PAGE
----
Though the life of the Police Service Commission (PSC) will come to an end in a few weeks, Chairman Omesh Satyanand has said that it will continue to comply with the president’s directive to halt the consideration of promotions.
“Like I said, we have sat and the directive…you heard the president say he ask for a delay and the commission members agreed that they [will] hold off on the promotion,” Satyanand told Stabroek News when contacted.
He made it clear that there hasn’t been any change in this position, while reminding that the matter is now engaging the attention of the court.
Minister of State Joseph Harmon, through a letter, dated July 26, 2017, had informed Marvalyn Stephens, the Secretary of the PSC, that “His Excellency, President David Granger has directed that there be no consideration of promotions for members of the Guyana Police Force by the PSC until further notice.”
It was the Office of the Leader of the Opposition that highlighted the issue and released a copy of the letter to the media.
Satyanand told Stabroek News last week Monday that although the directive is unconstitutional, some members of the PSC have decided to comply.
“It was put on hold until further notice but it is unconstitutional,” Satyanand said after he was asked whether the president has the authority to issue such a directive and the commission’s intended course of action. He explained that because of the letter containing the directive, “some of members have decided to put it on hold….”
He stated that based on the contents of Article 226 of the Constitution, the directive is unconstitutional but some members complied with it since it was the president who had given the directive.
Article 226 (1) states, “save as otherwise provided in this Constitution, in the exercise of its functions under this Constitution, a Commission shall not be subject to the direction or control of any other person or authority.”
According to Article 226 (3), “Any question for decision by a Commission shall be determined by a majority of the votes of the members of the Commission present and voting at a meeting of the Commission at which a quorum is present, and if on any question the votes are equally divided, the Chairman or other member presiding shall have a casting vote in addition to his original vote….”
Satyanand, Lloyd Smith, Harold Martin, Keith John and then Chairman of the Public Service Commission Carvil Duncan were sworn into office by the then president Donald Ramotar. They were slated to serve for a period of three years. However in 2016, President David Granger suspended Duncan from office. Trade unionist Patrick Yarde was subsequently sworn in to act in Duncan’s place and this automatically made him a member of the PSC.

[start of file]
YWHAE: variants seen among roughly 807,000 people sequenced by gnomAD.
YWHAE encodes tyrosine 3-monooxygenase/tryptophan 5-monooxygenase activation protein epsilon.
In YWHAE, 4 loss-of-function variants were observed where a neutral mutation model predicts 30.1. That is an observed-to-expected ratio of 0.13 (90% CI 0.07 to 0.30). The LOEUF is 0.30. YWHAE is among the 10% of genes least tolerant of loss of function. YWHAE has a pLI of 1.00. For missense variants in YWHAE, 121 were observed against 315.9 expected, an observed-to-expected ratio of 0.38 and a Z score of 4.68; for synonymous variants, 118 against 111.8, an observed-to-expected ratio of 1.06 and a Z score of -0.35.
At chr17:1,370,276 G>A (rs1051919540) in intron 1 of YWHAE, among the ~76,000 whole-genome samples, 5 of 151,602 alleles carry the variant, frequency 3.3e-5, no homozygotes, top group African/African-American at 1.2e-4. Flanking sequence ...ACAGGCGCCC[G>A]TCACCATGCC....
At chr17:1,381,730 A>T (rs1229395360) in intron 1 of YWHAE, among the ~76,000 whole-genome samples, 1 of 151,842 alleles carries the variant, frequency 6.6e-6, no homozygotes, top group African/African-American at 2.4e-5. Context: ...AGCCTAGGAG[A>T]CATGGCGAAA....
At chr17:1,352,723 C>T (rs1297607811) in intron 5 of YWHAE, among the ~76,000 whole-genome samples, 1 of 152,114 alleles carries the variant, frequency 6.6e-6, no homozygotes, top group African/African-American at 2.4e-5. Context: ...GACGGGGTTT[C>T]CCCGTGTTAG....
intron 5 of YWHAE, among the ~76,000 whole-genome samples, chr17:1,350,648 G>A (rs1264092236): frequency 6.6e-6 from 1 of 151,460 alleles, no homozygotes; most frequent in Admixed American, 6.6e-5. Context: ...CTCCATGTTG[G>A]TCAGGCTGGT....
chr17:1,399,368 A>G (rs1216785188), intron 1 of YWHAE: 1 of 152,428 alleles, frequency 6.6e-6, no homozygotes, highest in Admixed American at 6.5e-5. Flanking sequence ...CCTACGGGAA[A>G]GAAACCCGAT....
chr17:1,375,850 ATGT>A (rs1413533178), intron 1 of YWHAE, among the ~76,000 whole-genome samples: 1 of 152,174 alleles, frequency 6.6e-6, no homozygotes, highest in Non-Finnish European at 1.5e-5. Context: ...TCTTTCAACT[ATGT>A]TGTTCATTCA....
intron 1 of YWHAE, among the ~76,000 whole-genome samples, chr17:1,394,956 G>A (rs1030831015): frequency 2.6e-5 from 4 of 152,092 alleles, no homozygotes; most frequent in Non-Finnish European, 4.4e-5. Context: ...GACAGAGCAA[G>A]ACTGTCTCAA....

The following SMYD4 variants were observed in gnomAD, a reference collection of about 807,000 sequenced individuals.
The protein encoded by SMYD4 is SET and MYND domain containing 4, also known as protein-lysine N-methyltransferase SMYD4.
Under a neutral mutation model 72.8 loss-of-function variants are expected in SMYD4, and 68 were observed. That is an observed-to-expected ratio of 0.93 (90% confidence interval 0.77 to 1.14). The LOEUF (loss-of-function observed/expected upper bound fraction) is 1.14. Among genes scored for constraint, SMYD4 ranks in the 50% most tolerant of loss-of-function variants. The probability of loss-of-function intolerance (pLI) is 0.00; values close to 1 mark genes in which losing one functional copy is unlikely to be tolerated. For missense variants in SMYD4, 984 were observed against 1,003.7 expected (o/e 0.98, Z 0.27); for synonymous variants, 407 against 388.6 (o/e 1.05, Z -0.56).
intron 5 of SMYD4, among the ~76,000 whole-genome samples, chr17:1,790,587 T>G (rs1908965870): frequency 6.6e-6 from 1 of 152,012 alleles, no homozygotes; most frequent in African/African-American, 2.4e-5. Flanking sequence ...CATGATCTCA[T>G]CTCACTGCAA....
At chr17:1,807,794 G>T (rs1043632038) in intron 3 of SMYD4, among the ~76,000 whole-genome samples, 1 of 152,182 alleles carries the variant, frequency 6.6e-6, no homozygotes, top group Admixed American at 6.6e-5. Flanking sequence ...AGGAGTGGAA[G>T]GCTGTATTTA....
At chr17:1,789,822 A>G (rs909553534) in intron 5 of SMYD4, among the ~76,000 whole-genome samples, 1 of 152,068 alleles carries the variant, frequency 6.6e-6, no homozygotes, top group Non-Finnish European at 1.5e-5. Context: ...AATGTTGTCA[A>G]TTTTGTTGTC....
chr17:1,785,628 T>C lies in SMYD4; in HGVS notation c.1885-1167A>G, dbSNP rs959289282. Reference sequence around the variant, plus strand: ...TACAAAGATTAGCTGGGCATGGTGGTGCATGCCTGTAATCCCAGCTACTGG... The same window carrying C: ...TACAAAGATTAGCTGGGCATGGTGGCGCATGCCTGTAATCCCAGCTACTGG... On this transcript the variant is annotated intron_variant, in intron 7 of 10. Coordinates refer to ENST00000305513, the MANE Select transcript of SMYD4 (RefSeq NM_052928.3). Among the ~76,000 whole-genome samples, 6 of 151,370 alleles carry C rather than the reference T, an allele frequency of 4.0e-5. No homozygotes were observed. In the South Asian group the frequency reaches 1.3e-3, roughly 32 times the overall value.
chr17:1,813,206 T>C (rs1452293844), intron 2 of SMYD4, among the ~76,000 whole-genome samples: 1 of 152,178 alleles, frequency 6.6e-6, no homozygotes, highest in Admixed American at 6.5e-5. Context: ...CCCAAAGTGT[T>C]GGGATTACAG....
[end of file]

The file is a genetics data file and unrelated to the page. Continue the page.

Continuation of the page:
Last Wednesday, a statement from the Ministry of the Presidency reported the president as saying that there have been many legitimate complaints by members of the commission and aggrieved police officers about abuse and malpractice in the police force and it is for this reason that he had asked for the promotions to be delayed.
“We are investigating the complaints, which have been made to us and we have asked the Police Service Commission to simply delay so that we can answer those queries and once those queries are satisfactorily answered we will proceed. It’s no intention on my part to impede the work of the Commission,” the president said.
Granger added that his primary focus is the prevention of any further damage to the security sector. He said that his government cannot and will not ignore the complaints and evidence of injustices, which may have taken place.
Harmon subsequently said that the president’s directive was intended to prevent damage to the image of the Guyana Police Force.
He, however, could not say under what authority the head of state acted.
Harmon told a post-Cabinet press conference last Friday that the reports reaching the president indicated that the entire super structure of the police force was likely to be affected by some action which was taking place and in the interest of the public he thought it best to ask the commission to put a temporary hold on promotions until such time that he is able to clarify the pending issues.
He repeatedly said that the president is duty-bound to protect the state and “anything which seeks to damage the fabric of our security forces is a matter which His Excellency takes very seriously.” He made it clear that government did not interfere in the process, adding that the court will determine whether there is any basis in law for the legal challenge which was filed by former Attorney General and PPP Member of Parliament Anil Nandlall.
Observers have noted that the president’s action calls into question the judgement of Police Commissioner Seelall Persaud, who made the promotion recommendations. Persaud and other senior members of the force have recently faced scrutiny for their handling of an investigation into an alleged assassination plot against the president.
Testimony at public hearings for the inquiry into the force’s handling of the probe has also exposed a rift between Persaud and his second-in-command, Assistant Commissioner David Ramnarine. Ramnarine was not recommended for promotion.